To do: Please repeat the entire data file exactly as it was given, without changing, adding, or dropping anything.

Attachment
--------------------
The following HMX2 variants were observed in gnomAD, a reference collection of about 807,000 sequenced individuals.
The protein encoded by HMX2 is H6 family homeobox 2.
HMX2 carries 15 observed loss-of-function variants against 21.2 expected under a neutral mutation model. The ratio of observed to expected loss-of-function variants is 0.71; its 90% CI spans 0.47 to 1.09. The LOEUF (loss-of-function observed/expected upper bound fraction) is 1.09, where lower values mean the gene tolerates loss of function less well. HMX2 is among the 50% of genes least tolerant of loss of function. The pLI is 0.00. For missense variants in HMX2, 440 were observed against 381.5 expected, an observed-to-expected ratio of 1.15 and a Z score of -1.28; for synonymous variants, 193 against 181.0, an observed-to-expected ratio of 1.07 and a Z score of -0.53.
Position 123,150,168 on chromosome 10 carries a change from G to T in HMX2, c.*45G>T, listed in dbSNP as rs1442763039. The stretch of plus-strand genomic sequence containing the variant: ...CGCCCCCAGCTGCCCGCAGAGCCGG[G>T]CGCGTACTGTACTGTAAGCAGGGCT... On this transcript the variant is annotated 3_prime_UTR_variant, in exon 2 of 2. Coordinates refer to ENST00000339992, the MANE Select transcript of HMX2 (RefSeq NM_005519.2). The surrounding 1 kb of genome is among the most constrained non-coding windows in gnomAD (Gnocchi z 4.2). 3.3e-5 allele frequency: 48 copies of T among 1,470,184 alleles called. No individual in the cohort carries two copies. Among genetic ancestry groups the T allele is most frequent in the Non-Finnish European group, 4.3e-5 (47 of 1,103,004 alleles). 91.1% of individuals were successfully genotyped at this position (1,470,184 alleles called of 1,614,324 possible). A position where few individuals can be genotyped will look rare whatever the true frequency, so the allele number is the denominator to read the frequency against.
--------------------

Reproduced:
The following HMX2 variants were observed in gnomAD, a reference collection of about 807,000 sequenced individuals.
The protein encoded by HMX2 is H6 family homeobox 2.
HMX2 carries 15 observed loss-of-function variants against 21.2 expected under a neutral mutation model. The ratio of observed to expected loss-of-function variants is 0.71; its 90% CI spans 0.47 to 1.09. The LOEUF (loss-of-function observed/expected upper bound fraction) is 1.09, where lower values mean the gene tolerates loss of function less well. HMX2 is among the 50% of genes least tolerant of loss of function. The pLI is 0.00. For missense variants in HMX2, 440 were observed against 381.5 expected, an observed-to-expected ratio of 1.15 and a Z score of -1.28; for synonymous variants, 193 against 181.0, an observed-to-expected ratio of 1.07 and a Z score of -0.53.
Position 123,150,168 on chromosome 10 carries a change from G to T in HMX2, c.*45G>T, listed in dbSNP as rs1442763039. The stretch of plus-strand genomic sequence containing the variant: ...CGCCCCCAGCTGCCCGCAGAGCCGG[G>T]CGCGTACTGTACTGTAAGCAGGGCT... On this transcript the variant is annotated 3_prime_UTR_variant, in exon 2 of 2. Coordinates refer to ENST00000339992, the MANE Select transcript of HMX2 (RefSeq NM_005519.2). The surrounding 1 kb of genome is among the most constrained non-coding windows in gnomAD (Gnocchi z 4.2). 3.3e-5 allele frequency: 48 copies of T among 1,470,184 alleles called. No individual in the cohort carries two copies. Among genetic ancestry groups the T allele is most frequent in the Non-Finnish European group, 4.3e-5 (47 of 1,103,004 alleles). 91.1% of individuals were successfully genotyped at this position (1,470,184 alleles called of 1,614,324 possible). A position where few individuals can be genotyped will look rare whatever the true frequency, so the allele number is the denominator to read the frequency against.